As noted, the difference between levels C and D is often in the motivation, rather than in the action. The motivation on level C is external, but the motivation on level D is internal. Observing the difference between these two levels is most difficult. For example, assume a student sees a piece of trash on the classroom floor. If the student picks up the trash at the teacher’s direction, the student is acting on level C. The student complies by implementing the teacher’s request to assist in keeping the classroom clean. This is good behavior. Conforming is necessary for community. If, however, the student picks up the trash without anyone’s asking or telling him, the action then is at level D. The piece of trash is picked up because it was the right thing to do. The behavior is the same at both levels, but the motivation is external in the first and internal in the second. Similarly, if a parent asks a youngster to make the bed before going to school and the youngster complies, level C behavior is demonstrated. However, if the youngster knows that the standard of the home is to make the bed before leaving and does so without being asked, level D behavior is demonstrated. These are simple explanations that students at any age can understand. A critical component for growth and development is for students to understand that a primary difference between levels C and D is in the motivation.

During the initial learning phase when students are becoming familiar with the hierarchy, reference is made to the name of each level, viz., anarchy, bullying, conformity and democracy. However, after students become familiar with the ABCD’s of development, reference is only made to their letters. Also, little if any time is spent in differentiating between the levels. Neither level A nor B is an acceptable classroom behavior while levels C and D both meet expected standards of behavior.

Students quickly realize that they have a significant role in determining how the teacher relates to them. As mentioned earlier, if students operate on levels A or B, they encourage the teacher to exercise authority. However, if the class operates on level C or D, the class encourages autonomy-supportive behavior from the teacher.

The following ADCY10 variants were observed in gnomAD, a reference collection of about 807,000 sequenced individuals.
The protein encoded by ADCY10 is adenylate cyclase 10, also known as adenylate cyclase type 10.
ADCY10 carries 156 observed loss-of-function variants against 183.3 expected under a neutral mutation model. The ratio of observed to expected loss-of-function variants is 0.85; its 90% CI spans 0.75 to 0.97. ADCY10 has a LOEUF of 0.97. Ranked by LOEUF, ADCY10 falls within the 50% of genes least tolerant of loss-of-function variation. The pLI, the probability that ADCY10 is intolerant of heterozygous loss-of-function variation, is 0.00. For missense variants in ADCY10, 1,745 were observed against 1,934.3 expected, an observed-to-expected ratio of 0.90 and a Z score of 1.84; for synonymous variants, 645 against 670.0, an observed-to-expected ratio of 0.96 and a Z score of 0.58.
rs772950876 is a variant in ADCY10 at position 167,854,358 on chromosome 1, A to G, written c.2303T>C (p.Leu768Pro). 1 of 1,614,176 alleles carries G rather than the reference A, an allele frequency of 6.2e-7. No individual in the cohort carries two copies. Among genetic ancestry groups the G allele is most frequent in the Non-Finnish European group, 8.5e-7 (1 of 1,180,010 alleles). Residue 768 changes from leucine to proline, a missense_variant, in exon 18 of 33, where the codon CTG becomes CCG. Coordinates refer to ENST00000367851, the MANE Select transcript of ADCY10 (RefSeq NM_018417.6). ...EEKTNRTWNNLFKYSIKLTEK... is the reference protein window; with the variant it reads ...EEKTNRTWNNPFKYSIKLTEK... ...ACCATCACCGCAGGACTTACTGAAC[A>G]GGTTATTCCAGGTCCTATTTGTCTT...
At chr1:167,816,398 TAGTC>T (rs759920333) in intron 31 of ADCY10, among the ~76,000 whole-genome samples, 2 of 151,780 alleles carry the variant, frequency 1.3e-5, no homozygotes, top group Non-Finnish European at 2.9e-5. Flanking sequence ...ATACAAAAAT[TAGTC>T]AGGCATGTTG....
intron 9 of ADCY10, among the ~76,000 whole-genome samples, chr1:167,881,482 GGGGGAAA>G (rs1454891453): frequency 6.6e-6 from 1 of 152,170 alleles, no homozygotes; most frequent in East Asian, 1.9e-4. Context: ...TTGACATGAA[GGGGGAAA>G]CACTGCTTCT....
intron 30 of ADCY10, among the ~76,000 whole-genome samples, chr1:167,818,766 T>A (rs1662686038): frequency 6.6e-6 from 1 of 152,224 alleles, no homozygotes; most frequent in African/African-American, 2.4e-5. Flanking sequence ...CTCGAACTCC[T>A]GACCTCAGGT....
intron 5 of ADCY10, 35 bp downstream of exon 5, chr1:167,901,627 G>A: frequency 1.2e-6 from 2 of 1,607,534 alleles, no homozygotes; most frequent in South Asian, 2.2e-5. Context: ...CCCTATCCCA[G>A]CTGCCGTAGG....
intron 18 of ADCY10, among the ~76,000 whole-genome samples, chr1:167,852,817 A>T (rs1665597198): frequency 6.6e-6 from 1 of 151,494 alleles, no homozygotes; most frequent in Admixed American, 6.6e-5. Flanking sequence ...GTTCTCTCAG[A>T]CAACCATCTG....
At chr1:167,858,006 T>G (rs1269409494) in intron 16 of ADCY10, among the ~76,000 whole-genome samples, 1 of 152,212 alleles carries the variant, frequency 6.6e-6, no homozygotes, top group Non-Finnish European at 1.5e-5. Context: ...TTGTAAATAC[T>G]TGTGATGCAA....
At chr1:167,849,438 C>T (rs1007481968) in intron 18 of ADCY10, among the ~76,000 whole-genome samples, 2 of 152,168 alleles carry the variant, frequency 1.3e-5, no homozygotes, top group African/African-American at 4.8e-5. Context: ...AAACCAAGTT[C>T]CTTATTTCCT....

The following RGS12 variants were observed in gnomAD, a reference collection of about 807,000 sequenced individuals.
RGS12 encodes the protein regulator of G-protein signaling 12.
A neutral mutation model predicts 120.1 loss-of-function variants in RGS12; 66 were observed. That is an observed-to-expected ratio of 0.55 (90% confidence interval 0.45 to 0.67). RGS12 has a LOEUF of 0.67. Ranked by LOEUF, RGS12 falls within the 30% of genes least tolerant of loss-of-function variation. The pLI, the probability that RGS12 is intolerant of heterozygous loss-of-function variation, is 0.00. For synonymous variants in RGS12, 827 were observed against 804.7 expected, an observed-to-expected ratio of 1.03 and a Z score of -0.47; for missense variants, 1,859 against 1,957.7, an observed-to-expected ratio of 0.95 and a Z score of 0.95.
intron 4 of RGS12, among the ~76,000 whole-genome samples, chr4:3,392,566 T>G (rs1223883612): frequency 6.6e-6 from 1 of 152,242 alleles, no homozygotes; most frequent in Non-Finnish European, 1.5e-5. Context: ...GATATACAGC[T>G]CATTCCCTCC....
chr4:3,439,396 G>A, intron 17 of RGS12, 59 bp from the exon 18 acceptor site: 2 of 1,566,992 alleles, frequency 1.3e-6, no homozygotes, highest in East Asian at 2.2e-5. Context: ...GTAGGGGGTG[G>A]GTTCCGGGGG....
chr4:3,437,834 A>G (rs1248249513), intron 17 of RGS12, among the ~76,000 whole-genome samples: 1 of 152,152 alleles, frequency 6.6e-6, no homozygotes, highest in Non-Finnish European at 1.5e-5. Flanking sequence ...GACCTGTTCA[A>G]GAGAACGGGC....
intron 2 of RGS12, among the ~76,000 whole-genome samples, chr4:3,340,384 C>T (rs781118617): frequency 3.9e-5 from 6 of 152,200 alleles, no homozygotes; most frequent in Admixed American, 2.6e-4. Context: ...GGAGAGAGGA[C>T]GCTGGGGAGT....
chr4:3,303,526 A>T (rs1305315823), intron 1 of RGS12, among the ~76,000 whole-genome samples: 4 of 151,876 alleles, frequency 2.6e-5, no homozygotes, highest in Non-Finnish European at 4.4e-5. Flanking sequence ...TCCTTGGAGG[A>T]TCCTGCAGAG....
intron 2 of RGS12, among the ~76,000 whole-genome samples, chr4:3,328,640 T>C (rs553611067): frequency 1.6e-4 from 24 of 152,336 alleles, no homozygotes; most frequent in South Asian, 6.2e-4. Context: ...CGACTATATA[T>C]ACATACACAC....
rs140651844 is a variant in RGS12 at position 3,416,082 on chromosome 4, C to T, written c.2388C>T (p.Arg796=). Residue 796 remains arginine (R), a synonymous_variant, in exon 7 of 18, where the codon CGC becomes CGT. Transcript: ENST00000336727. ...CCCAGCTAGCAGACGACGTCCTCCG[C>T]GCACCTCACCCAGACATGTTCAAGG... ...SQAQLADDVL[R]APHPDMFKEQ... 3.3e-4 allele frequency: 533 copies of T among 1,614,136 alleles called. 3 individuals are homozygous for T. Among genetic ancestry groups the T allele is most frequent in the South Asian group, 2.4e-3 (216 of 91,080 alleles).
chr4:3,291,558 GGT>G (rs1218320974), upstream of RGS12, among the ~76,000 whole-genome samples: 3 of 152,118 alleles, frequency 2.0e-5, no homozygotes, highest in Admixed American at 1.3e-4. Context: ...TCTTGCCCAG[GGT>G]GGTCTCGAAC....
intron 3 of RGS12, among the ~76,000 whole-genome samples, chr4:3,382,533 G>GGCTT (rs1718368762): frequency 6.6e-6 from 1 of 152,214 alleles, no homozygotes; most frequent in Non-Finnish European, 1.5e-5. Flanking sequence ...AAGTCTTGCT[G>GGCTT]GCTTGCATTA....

The stories read to students and the examples created by students themselves to illustrate each developmental level are what make the concepts useful, meaningful, interesting, and relevant. In addition, because examples—rather than definitions—bring real understanding, the concepts can be taught at any grade level, to any class, or with any subject matter.


Although the hierarchy of development accomplishes many purposes, four are listed here:

  1. Using the hierarchy allows us to separate the act from the actor, the deed from the doer, bad behavior from a good person.
  2. Using the hierarchy brings attention to students that they are constantly making choices and that they choose their own level of behavior.
  3. Using the hierarchy fosters intrinsic motivation so students want to act responsibly.
  4. The hierarchy fosters character education without ever mentioning red flags of values, ethics, or morals.

Teaching the levels of development is the foundation of the RAISE RESPONSIBILITY SYSTEM. The approach corresponds to Stephen Covey’s first fundamental habit of highly effective people: Be Proactive.

Understanding the levels of development and having students illustrate and discuss their relevance to their individual classroom is the first in a three-part strategy to create and maintain a positive, noncoercive learning environment at all times.

Phase II – Checking for Understanding (ASKING)

Disruptive behavior is handled by checking for understanding. This is a guidance approach and is noncoercive. 

The purpose of this phase is to guide the student to acknowledge his level of behavior. The process of acknowledging, accepting, and owning one’s actions are prerequisites to changing behavior. Change is most effective and long lasting through self-evaluation and self-correction.

When a student causes a classroom disruption, the teacher asks the student to recognize or identify the developmental level of the actions. This is simple cognitive learning theory of teaching (the concepts) and then testing (checking for understanding).

This checking for understanding is usually all that is required. Acknowledgement of the level by the student most often solves the problem. The questioning is non-threatening. You are guiding the student to recognize the level of behavior. Following is an example:


T: On what level is that behavior?
S: He was doing it, too.

T: That was not the question. Let’s try it again. On what level is that behavior?
S: I don’t know.

T: What level is it when someone bothers others?
S: I don’t know.

T: The letter comes right after A in the alphabet. What letter comes after A?
S: B.

T: Thank you.

This questioning approach is the reason why teacher stress is reduced. The teacher takes a counseling posture because the teacher is guiding the student to acknowledge the level of the action. When we counsel and guide, we automatically refrain from being confrontational.